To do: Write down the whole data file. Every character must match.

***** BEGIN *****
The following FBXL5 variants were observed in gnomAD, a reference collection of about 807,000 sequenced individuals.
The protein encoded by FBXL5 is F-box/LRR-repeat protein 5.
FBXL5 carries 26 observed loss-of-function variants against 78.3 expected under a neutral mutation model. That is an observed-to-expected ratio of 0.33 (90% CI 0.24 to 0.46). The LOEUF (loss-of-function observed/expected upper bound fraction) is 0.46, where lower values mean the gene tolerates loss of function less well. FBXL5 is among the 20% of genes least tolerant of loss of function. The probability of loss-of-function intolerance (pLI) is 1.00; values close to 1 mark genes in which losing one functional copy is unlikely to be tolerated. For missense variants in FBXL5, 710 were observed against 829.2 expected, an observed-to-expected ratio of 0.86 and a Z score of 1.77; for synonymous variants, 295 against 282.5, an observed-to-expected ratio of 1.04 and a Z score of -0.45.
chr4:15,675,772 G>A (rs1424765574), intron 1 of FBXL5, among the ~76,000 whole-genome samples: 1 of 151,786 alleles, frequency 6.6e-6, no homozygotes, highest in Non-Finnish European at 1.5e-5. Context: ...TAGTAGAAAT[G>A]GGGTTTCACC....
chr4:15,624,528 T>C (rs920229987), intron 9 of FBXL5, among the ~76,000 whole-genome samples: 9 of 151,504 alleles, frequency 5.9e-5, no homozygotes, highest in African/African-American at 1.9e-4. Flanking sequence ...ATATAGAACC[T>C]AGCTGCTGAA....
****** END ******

The following FBXL5 variants were observed in gnomAD, a reference collection of about 807,000 sequenced individuals.
The protein encoded by FBXL5 is F-box/LRR-repeat protein 5.
FBXL5 carries 26 observed loss-of-function variants against 78.3 expected under a neutral mutation model. That is an observed-to-expected ratio of 0.33 (90% CI 0.24 to 0.46). The LOEUF (loss-of-function observed/expected upper bound fraction) is 0.46, where lower values mean the gene tolerates loss of function less well. FBXL5 is among the 20% of genes least tolerant of loss of function. The probability of loss-of-function intolerance (pLI) is 1.00; values close to 1 mark genes in which losing one functional copy is unlikely to be tolerated. For missense variants in FBXL5, 710 were observed against 829.2 expected, an observed-to-expected ratio of 0.86 and a Z score of 1.77; for synonymous variants, 295 against 282.5, an observed-to-expected ratio of 1.04 and a Z score of -0.45.
chr4:15,675,772 G>A (rs1424765574), intron 1 of FBXL5, among the ~76,000 whole-genome samples: 1 of 151,786 alleles, frequency 6.6e-6, no homozygotes, highest in Non-Finnish European at 1.5e-5. Context: ...TAGTAGAAAT[G>A]GGGTTTCACC....
chr4:15,624,528 T>C (rs920229987), intron 9 of FBXL5, among the ~76,000 whole-genome samples: 9 of 151,504 alleles, frequency 5.9e-5, no homozygotes, highest in African/African-American at 1.9e-4. Flanking sequence ...ATATAGAACC[T>C]AGCTGCTGAA....